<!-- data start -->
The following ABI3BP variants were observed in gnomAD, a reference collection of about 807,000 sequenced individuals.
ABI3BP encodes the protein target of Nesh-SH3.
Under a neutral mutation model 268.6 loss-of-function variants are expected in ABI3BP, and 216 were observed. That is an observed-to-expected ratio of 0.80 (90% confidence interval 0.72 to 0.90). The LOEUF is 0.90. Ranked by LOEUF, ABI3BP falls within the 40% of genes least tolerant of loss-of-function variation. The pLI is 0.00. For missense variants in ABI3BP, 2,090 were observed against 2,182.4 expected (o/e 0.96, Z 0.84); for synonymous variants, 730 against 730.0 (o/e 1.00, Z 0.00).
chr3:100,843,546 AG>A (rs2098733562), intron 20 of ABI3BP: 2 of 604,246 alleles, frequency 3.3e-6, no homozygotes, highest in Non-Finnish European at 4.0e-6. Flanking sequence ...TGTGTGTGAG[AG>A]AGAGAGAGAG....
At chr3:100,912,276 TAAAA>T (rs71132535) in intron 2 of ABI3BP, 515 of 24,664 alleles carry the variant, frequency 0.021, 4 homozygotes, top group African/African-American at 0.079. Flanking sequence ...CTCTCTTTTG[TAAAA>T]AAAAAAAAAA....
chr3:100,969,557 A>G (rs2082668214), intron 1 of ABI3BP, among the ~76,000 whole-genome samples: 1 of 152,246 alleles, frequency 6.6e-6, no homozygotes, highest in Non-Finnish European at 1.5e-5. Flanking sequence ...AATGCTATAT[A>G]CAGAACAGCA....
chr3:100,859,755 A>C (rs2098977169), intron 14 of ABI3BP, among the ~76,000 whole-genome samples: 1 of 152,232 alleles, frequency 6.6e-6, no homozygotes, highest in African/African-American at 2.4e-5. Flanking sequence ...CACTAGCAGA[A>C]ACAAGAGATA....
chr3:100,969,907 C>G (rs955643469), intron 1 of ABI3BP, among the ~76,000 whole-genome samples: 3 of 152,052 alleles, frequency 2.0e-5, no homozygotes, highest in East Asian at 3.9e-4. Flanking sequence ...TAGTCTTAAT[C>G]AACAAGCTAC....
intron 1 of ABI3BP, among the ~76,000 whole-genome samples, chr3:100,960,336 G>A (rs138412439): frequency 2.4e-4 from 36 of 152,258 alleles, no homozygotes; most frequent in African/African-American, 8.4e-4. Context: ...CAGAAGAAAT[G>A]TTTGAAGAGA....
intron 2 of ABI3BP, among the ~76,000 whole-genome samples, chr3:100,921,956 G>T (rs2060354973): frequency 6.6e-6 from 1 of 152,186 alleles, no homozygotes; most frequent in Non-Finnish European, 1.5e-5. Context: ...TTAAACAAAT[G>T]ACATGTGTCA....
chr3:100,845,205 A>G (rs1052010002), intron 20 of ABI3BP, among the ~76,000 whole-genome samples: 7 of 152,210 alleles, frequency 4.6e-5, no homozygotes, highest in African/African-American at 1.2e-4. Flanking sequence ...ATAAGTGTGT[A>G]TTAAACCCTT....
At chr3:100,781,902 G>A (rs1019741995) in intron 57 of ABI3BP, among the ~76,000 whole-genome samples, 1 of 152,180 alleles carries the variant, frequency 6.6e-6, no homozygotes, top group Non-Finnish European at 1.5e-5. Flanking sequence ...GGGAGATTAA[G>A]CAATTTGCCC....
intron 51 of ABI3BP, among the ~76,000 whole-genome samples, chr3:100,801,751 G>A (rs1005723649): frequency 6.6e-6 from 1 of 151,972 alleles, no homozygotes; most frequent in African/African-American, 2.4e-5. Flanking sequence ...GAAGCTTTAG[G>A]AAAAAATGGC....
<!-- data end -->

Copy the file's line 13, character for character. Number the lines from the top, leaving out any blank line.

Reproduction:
intron 51 of ABI3BP, among the ~76,000 whole-genome samples, chr3:100,801,751 G>A (rs1005723649): frequency 6.6e-6 from 1 of 151,972 alleles, no homozygotes; most frequent in African/African-American, 2.4e-5. Flanking sequence ...GAAGCTTTAG[G>A]AAAAAATGGC....